As reported by Campus Reform, a number of colleges and universities across the country are offering course credits for students to attend the annual national event, the White Privilege Conference. In some cases, the cost is being covered for the event. Students attending the event can earn up to three academic credit hours at the discretion of their Universities.
According to the website, the White Privilege Conference is “designed to examine issues of privilege beyond skin color,” including race, gender, sexuality, class, and disability, and “the ways we all experience some form of privilege, and how we’re all affected by that privilege.”
“White Privilege is the other side of racism. Unless we name it, we are in danger of wallowing in guilt or moral outrage with no idea of how to move beyond them,” reads a quote on the website, attributed to Paula Rothenberg. “It is often easier to deplore racism and its effects than to take responsibility for the privileges some of us receive as a result of it… once we understand how white privilege operates, we can begin addressing it on an individual and institutional basis.”
“Whites need to acknowledge and work through the negative historical implications of ‘Whiteness’ and create for ourselves a transformed identity as White people committed to equity and social change,” reads another quote by Gary Howard. “To teach my White students and my own children…that there are different ways of being White, and that they have a choice as White people to become champions of justice and social healing.”
The website lists “being able to assume that most of the people you or your children study in history classes and textbooks will be of the same race, gender, or sexual orientation as you are, being able to assume that your failures will not be attributed to your race, or your gender,” and “being able to not have to think about your race, or your gender, or your sexual orientation, or disabilities, on a daily basis” as examples of privilege.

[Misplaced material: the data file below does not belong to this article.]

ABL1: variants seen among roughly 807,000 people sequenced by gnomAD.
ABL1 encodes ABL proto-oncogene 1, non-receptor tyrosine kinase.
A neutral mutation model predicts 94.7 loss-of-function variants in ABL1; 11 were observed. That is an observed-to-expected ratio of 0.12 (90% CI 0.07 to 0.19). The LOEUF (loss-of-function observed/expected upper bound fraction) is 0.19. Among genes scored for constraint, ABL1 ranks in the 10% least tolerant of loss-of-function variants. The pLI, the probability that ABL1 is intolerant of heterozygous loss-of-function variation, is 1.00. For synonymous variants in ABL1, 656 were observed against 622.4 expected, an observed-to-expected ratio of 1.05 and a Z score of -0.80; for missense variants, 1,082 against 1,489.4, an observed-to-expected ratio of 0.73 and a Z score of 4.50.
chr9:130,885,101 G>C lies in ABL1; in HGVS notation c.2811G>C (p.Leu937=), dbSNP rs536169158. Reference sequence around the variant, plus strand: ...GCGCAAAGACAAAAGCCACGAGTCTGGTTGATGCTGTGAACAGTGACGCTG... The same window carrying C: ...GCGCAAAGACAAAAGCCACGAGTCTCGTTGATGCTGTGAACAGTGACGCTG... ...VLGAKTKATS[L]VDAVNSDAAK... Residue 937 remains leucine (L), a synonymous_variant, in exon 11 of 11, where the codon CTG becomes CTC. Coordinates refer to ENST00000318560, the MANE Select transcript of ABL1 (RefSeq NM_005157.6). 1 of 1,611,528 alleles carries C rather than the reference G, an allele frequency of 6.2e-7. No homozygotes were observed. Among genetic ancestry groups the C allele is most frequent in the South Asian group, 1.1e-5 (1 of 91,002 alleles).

More than 20 conferences and workshops have been announced for the event. One, entitled “White Women: Internalized Sexism and White Superiority,” is focused on examining “how our identities develop as we grow in our understanding of personal, institutional, and structural oppression,” taking a “deep look into white women’s learned patterns of behaviour. Recognizing these patterns helps us name and practice strategies to better collaborate in multicultural settings and more authentically build multiracial relationships.” Another one, “A Process of Liberation from Internalized Racism,” states “Internalized racism is part of the system of chains contributing to the continuation of racism affecting racially oppressed groups,” continuing that it is “important to study, understand, and seek out ways that groups of Color are able to gain a liberatory perspective in the midst of a racist society, just as it is important for whites to work to gain a liberatory perspective over internalized dominance.”
Are you burned out from all that patriarchy smashing and whiteness dismantling? There’s a workshop for that, too! “Self-Care and Healing as Change Agents” is the actual, real name of this one, and it gives a space to “heal, refuel, and re-commit to our vision and goals,” where participants will be encouraged to “explore the roots of their stress and burn-out and deepen their capacity to rejuvenate, re-energize, and retool themselves as powerful change agents.”
One of the most interesting workshops is titled “Blackness, Whiteness, & Womynness,” and focuses on “experiences as a Black cisgender womyn and a white cisgender womyn partnering as anti-racist educators and administrators with a commitment to re-imagining equity and justice in our relationships as womyn.” If you haven’t caught on, every use of the words “woman” and “women” is intentionally misspelled as “womyn,” a word used in some circles in order to omit the presence of the world “men.”
“Whiteness History Month,” which will be taking place at Portland Community College during the month of April, was recently announced. It was advertised as not being a “celebratory endeavor,” but is focused on challenging the “master narrative of race and racism through an exploration of the social construction of whiteness” in an effort to promote “multicultural education and equity” and examine how benefits are “accrued at the expense of people of color.”
It amazes me that people still haven’t considered that, maybe, targeting a specific demographic in order to blame them for the entirety of modern societies problems based entirely on their skin color, might not be the best idea.
Photo by ajkkafe/Getty Images
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